Compare any two graphics cards:
Geforce GTX 680 vs Geforce GTX 770
IntroThe Geforce GTX 680 has a clock frequency of 1006 MHz and a GDDR5 memory frequency of 1502 MHz. It also makes use of a 256-bit bus, and makes use of a 28 nm design. It is comprised of 1536 SPUs, 128 Texture Address Units, and 32 ROPs.
Compare those specs to the Geforce GTX 770, which comes with core speeds of 1046 MHz on the GPU, and 1753 MHz on the 2048 MB of GDDR5 memory. It features 1536 SPUs as well as 128 Texture Address Units and 32 Rasterization Operator Units.
(No game benchmarks for this combination yet.)
Power Usage and Theoretical Benchmarks
Power Consumption (Max TDP)
In theory, the Geforce GTX 770 is 17% quicker than the Geforce GTX 680 in general, due to its higher bandwidth. (explain)
Texel RateThe Geforce GTX 770 is just a bit (approximately 4%) more effective at AF than the Geforce GTX 680. (explain)
Pixel RateIf using high levels of AA is important to you, then the Geforce GTX 770 is a better choice, though not by far. (explain)
Please note that the above 'benchmarks' are all just theoretical - the results were calculated based on the card's specifications, and real-world performance may (and probably will) vary at least a bit.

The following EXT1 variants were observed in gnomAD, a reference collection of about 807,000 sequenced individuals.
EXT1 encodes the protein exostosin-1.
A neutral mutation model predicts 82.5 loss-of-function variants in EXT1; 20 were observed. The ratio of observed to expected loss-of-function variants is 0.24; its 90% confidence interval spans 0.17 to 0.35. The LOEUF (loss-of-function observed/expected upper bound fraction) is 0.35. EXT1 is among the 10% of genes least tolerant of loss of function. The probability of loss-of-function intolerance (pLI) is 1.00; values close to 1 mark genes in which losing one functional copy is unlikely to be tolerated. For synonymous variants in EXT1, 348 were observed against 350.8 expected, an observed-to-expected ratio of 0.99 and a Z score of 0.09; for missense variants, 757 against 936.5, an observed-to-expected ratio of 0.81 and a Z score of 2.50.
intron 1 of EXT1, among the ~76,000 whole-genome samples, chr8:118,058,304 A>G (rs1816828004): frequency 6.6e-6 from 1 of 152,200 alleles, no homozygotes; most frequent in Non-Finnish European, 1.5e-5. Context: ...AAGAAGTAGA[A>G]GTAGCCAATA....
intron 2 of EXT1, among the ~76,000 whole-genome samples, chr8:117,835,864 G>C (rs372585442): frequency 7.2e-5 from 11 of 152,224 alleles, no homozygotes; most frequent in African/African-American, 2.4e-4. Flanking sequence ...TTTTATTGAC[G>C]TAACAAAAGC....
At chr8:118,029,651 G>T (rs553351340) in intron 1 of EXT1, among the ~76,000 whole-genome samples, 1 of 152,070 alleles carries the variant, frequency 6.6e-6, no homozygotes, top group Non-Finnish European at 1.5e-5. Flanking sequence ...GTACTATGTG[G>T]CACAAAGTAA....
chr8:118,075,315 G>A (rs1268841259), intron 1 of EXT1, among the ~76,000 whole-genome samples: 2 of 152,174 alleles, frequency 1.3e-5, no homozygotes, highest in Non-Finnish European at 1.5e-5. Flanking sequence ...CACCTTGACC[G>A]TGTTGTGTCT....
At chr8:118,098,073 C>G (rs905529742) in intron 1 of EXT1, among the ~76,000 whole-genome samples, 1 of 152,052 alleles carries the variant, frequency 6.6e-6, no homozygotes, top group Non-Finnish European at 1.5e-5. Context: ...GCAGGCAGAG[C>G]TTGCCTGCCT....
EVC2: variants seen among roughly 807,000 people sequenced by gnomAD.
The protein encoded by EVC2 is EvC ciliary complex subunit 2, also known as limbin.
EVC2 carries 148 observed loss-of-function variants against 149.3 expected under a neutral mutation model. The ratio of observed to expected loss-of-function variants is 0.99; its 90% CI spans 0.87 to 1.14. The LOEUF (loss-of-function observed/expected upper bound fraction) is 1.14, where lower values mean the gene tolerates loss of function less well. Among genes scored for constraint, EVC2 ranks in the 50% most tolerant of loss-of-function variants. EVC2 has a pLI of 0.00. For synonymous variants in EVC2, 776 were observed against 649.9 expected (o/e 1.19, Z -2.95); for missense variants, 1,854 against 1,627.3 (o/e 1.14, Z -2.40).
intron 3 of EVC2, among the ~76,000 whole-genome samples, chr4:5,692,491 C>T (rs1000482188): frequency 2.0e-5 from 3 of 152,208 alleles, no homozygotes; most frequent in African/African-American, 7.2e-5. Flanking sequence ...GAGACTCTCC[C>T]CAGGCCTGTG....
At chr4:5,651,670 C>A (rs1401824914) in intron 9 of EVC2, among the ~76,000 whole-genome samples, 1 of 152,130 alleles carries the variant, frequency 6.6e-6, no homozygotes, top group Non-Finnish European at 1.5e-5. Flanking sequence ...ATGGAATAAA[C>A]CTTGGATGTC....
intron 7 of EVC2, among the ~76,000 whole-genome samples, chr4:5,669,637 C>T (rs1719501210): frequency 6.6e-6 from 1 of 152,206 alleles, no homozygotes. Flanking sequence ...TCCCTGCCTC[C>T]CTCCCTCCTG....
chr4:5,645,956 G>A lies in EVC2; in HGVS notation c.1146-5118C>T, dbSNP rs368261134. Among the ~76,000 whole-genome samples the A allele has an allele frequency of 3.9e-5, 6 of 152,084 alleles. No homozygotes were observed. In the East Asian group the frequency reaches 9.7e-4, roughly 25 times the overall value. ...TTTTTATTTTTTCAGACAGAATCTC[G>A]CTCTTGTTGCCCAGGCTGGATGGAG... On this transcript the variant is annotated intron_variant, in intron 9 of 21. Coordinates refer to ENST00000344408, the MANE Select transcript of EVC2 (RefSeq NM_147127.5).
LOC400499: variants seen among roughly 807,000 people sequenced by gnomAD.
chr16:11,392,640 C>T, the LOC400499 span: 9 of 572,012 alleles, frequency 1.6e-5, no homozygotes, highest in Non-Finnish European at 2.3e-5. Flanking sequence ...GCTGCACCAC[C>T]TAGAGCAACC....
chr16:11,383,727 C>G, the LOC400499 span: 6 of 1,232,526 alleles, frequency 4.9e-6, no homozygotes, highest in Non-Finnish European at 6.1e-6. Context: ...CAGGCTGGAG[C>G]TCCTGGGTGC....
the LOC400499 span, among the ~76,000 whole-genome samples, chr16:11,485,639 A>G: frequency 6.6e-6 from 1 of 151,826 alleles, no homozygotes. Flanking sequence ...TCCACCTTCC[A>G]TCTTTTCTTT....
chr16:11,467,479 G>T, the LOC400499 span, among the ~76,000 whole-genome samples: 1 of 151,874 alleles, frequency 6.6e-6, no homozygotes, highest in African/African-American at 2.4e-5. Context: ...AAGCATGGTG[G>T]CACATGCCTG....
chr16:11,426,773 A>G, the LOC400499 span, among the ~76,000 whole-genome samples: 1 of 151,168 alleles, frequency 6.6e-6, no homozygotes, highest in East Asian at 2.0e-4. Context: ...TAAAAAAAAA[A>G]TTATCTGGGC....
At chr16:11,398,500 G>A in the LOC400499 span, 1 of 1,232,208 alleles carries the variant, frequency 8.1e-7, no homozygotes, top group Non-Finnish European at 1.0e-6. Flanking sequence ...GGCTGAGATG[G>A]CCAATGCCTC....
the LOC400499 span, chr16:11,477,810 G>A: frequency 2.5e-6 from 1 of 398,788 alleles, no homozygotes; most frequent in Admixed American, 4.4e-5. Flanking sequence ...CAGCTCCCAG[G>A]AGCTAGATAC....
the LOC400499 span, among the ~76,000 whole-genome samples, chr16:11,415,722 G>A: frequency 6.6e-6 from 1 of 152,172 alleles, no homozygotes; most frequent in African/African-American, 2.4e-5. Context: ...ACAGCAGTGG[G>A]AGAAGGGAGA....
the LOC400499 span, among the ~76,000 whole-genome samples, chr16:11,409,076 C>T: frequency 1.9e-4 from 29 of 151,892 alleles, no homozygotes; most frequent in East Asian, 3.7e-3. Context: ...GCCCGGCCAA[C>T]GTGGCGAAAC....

Please note that the price comparisons are based on search keywords - sometimes it might show cards with very similar names that are not exactly the same as the one chosen in the comparison. We do try to filter out the wrong results as best we can, though.
Memory Bandwidth: Memory bandwidth is the largest amount of information (counted in MB per second) that can be moved over the external memory interface in one second. It's calculated by multiplying the card's bus width by its memory clock speed. If it uses DDR type RAM, it should be multiplied by 2 once again. If DDR5, multiply by ANOTHER 2x. The better the memory bandwidth, the faster the card will be in general. It especially helps with AA, High Dynamic Range and higher screen resolutions.
Texel Rate: Texel rate is the maximum texture map elements (texels) that can be processed per second. This number is worked out by multiplying the total texture units of the card by the core clock speed of the chip. The higher this number, the better the graphics card will be at handling texture filtering (anisotropic filtering - AF). It is measured in millions of texels processed per second.
Pixel Rate: Pixel rate is the maximum number of pixels the video card can possibly record to its local memory in a second - measured in millions of pixels per second. Pixel rate is calculated by multiplying the amount of ROPs by the clock speed of the card. ROPs (Raster Operations Pipelines - also sometimes called Render Output Units) are responsible for filling the screen with pixels (the image). The actual pixel fill rate also depends on quite a few other factors, most notably the memory bandwidth of the card - the lower the memory bandwidth is, the lower the ability to reach the maximum fill rate.